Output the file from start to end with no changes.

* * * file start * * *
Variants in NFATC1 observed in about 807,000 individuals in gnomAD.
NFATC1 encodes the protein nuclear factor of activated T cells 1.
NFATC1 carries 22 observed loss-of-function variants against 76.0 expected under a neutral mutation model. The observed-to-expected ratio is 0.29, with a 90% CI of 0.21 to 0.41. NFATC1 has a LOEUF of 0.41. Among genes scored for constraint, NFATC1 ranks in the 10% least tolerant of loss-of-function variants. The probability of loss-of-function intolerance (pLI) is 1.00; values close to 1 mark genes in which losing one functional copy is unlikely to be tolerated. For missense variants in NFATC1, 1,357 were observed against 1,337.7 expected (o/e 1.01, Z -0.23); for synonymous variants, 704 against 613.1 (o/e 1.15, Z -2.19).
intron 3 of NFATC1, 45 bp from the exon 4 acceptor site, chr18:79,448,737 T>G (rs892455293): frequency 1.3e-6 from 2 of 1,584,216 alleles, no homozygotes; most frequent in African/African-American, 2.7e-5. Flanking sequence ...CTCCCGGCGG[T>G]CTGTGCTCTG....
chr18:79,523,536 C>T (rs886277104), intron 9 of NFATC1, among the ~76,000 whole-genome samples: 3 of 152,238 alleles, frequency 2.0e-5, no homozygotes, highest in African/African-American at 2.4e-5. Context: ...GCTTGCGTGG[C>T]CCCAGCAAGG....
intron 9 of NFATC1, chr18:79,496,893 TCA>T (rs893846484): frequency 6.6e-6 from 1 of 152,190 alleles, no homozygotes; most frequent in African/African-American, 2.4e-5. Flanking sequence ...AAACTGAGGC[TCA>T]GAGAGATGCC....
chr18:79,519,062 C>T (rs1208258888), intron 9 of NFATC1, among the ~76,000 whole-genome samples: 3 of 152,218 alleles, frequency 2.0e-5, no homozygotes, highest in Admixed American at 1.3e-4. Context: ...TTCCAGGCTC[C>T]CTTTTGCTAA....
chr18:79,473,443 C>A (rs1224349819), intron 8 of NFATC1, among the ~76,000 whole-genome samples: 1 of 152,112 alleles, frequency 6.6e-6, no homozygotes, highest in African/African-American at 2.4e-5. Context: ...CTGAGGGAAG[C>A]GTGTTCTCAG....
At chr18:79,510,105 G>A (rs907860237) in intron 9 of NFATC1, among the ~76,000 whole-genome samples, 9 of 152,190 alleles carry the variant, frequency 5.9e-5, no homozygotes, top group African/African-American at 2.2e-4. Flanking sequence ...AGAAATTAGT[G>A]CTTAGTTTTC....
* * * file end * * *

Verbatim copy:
Variants in NFATC1 observed in about 807,000 individuals in gnomAD.
NFATC1 encodes the protein nuclear factor of activated T cells 1.
NFATC1 carries 22 observed loss-of-function variants against 76.0 expected under a neutral mutation model. The observed-to-expected ratio is 0.29, with a 90% CI of 0.21 to 0.41. NFATC1 has a LOEUF of 0.41. Among genes scored for constraint, NFATC1 ranks in the 10% least tolerant of loss-of-function variants. The probability of loss-of-function intolerance (pLI) is 1.00; values close to 1 mark genes in which losing one functional copy is unlikely to be tolerated. For missense variants in NFATC1, 1,357 were observed against 1,337.7 expected (o/e 1.01, Z -0.23); for synonymous variants, 704 against 613.1 (o/e 1.15, Z -2.19).
intron 3 of NFATC1, 45 bp from the exon 4 acceptor site, chr18:79,448,737 T>G (rs892455293): frequency 1.3e-6 from 2 of 1,584,216 alleles, no homozygotes; most frequent in African/African-American, 2.7e-5. Flanking sequence ...CTCCCGGCGG[T>G]CTGTGCTCTG....
chr18:79,523,536 C>T (rs886277104), intron 9 of NFATC1, among the ~76,000 whole-genome samples: 3 of 152,238 alleles, frequency 2.0e-5, no homozygotes, highest in African/African-American at 2.4e-5. Context: ...GCTTGCGTGG[C>T]CCCAGCAAGG....
intron 9 of NFATC1, chr18:79,496,893 TCA>T (rs893846484): frequency 6.6e-6 from 1 of 152,190 alleles, no homozygotes; most frequent in African/African-American, 2.4e-5. Flanking sequence ...AAACTGAGGC[TCA>T]GAGAGATGCC....
chr18:79,519,062 C>T (rs1208258888), intron 9 of NFATC1, among the ~76,000 whole-genome samples: 3 of 152,218 alleles, frequency 2.0e-5, no homozygotes, highest in Admixed American at 1.3e-4. Context: ...TTCCAGGCTC[C>T]CTTTTGCTAA....
chr18:79,473,443 C>A (rs1224349819), intron 8 of NFATC1, among the ~76,000 whole-genome samples: 1 of 152,112 alleles, frequency 6.6e-6, no homozygotes, highest in African/African-American at 2.4e-5. Context: ...CTGAGGGAAG[C>A]GTGTTCTCAG....
At chr18:79,510,105 G>A (rs907860237) in intron 9 of NFATC1, among the ~76,000 whole-genome samples, 9 of 152,190 alleles carry the variant, frequency 5.9e-5, no homozygotes, top group African/African-American at 2.2e-4. Flanking sequence ...AGAAATTAGT[G>A]CTTAGTTTTC....